Dandelion SeedheadSuppose your doctor tells you, on your next visit, that he has just discovered a miracle drug which, when eaten as a part of your daily diet or taken as a beverage, could, depending on the peculiarities of your body chemistry: prevent or cure liver diseases, such as hepatitis or jaundice; act as a tonic and gentle diuretic to purify your blood, cleanse your system, dissolve kidney stones, and otherwise improve gastro-intestinal health; assist in weight reduction; cleanse your skin and eliminate acne; improve your bowel function, working equally well to relieve both constipation and diarrhea; prevent or lower high blood pressure; prevent or cure anemia; lower your serum cholesterol by as much as half; eliminate or drastically reduce acid indigestion and gas buildup by cutting the heaviness of fatty foods; prevent or cure various forms of cancer; prevent or control diabetes mellitus; and, at the same time, have no negative side effects and selectively act on only what ails you. If he gave you a prescription for this miracle medicine, would you use it religiously at first to solve whatever the problem is and then consistently for preventative body maintenance?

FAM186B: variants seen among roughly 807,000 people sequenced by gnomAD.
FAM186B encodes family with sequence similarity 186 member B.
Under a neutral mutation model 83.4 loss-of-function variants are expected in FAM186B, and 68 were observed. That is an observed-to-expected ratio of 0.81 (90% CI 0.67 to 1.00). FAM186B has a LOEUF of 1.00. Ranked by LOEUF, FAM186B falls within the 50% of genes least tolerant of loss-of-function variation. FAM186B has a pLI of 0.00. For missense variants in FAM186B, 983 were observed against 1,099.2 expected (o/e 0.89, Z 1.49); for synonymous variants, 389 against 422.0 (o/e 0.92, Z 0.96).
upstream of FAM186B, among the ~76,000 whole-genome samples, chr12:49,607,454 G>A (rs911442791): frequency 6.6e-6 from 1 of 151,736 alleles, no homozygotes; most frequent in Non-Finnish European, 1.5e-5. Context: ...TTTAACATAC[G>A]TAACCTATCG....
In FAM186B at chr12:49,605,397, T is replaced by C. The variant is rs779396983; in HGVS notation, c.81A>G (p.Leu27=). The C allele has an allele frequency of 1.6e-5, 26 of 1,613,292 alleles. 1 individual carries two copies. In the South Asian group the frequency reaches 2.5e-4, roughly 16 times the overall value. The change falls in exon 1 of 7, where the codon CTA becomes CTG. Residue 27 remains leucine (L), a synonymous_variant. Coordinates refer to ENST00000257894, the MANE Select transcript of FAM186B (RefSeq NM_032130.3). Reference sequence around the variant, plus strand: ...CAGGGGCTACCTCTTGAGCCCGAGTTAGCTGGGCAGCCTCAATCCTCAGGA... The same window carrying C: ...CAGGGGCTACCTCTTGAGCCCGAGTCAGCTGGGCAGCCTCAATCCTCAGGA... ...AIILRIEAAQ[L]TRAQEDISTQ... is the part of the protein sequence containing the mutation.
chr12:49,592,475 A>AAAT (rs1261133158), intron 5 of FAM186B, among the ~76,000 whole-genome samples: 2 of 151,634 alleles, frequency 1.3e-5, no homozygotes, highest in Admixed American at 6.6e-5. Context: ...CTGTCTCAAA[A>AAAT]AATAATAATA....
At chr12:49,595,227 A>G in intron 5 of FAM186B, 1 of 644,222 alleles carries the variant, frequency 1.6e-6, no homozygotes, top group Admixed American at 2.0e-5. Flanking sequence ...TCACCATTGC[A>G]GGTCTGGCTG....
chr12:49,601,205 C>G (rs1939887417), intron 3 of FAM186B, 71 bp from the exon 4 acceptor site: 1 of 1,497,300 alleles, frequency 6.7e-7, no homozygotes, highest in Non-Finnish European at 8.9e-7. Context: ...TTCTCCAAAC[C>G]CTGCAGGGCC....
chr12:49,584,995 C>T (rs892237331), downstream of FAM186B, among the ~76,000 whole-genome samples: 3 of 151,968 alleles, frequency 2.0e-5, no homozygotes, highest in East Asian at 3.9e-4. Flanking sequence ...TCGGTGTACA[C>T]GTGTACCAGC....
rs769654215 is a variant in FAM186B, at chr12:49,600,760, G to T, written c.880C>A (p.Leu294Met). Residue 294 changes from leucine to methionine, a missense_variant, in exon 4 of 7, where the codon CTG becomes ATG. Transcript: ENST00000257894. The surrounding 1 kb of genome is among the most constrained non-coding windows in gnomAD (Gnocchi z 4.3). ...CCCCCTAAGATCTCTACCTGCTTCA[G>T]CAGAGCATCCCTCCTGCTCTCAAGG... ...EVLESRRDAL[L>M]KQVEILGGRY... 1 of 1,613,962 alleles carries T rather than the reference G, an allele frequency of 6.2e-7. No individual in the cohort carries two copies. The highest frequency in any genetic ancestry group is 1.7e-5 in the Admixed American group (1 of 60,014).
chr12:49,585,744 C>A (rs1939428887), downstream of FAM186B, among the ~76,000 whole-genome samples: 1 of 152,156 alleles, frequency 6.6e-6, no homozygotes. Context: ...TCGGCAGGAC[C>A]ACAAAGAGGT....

All the above curative functions, and more, have been attributed to one plant known to everyone, Taraxacum officinale, which means the "Official Remedy for Disorders." We call it the common dandelion. It is so well respected, in fact, that it appears in the U.S. National Formulatory, and in the Pharmacopeias of Hungary, Poland, Switzerland, and the Soviet Union. It is one of the top 6 herbs in the Chinese herbal medicine chest.

According to the USDA Bulletin #8, "Composition of Foods" (Haytowitz and Matthews 1984), dandelions rank in the top 4 green vegetables in overall nutritional value. Minnich, in "Gardening for Better Nutrition" ranks them, out of all vegetables, including grains, seeds and greens, as tied for 9th best. According to these data, dandelions are nature's richest green vegetable source of beta-carotene, from which Vitamin A is created, and the third richest source of Vitamin A of all foods, after cod-liver oil and beef liver! They also are particularly rich in fiber, potassium, iron, calcium, magnesium, phosphorus and the B vitamins, thiamine and riboflavin, and are a good source of protein.

These figures represent only those published by the USDA. Studies in Russia and Eastern Europe by Gerasimova, Racz, Vogel, and Marei (Hobbs 1985) indicate that dandelion is also rich in micronutrients such as copper, cobalt, zinc, boron, and molybdenum, as well as Vitamin D.